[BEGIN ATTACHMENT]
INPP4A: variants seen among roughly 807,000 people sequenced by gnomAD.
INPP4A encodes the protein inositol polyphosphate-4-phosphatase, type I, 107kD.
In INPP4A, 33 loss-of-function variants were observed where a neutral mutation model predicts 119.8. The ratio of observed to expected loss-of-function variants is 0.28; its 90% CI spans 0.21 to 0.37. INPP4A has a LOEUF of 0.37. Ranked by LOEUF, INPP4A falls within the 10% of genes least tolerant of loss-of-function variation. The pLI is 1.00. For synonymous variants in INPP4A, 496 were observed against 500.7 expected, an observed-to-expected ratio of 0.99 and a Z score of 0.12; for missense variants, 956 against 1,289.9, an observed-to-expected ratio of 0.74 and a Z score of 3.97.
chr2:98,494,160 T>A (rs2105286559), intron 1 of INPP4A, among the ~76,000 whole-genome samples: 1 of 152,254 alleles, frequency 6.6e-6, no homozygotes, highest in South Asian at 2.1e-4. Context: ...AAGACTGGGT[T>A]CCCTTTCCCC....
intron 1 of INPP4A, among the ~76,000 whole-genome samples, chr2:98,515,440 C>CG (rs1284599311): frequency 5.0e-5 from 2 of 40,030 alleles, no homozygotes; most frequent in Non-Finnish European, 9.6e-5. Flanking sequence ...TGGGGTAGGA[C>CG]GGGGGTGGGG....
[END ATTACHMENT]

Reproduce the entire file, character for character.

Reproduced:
INPP4A: variants seen among roughly 807,000 people sequenced by gnomAD.
INPP4A encodes the protein inositol polyphosphate-4-phosphatase, type I, 107kD.
In INPP4A, 33 loss-of-function variants were observed where a neutral mutation model predicts 119.8. The ratio of observed to expected loss-of-function variants is 0.28; its 90% CI spans 0.21 to 0.37. INPP4A has a LOEUF of 0.37. Ranked by LOEUF, INPP4A falls within the 10% of genes least tolerant of loss-of-function variation. The pLI is 1.00. For synonymous variants in INPP4A, 496 were observed against 500.7 expected, an observed-to-expected ratio of 0.99 and a Z score of 0.12; for missense variants, 956 against 1,289.9, an observed-to-expected ratio of 0.74 and a Z score of 3.97.
chr2:98,494,160 T>A (rs2105286559), intron 1 of INPP4A, among the ~76,000 whole-genome samples: 1 of 152,254 alleles, frequency 6.6e-6, no homozygotes, highest in South Asian at 2.1e-4. Context: ...AAGACTGGGT[T>A]CCCTTTCCCC....
intron 1 of INPP4A, among the ~76,000 whole-genome samples, chr2:98,515,440 C>CG (rs1284599311): frequency 5.0e-5 from 2 of 40,030 alleles, no homozygotes; most frequent in Non-Finnish European, 9.6e-5. Flanking sequence ...TGGGGTAGGA[C>CG]GGGGGTGGGG....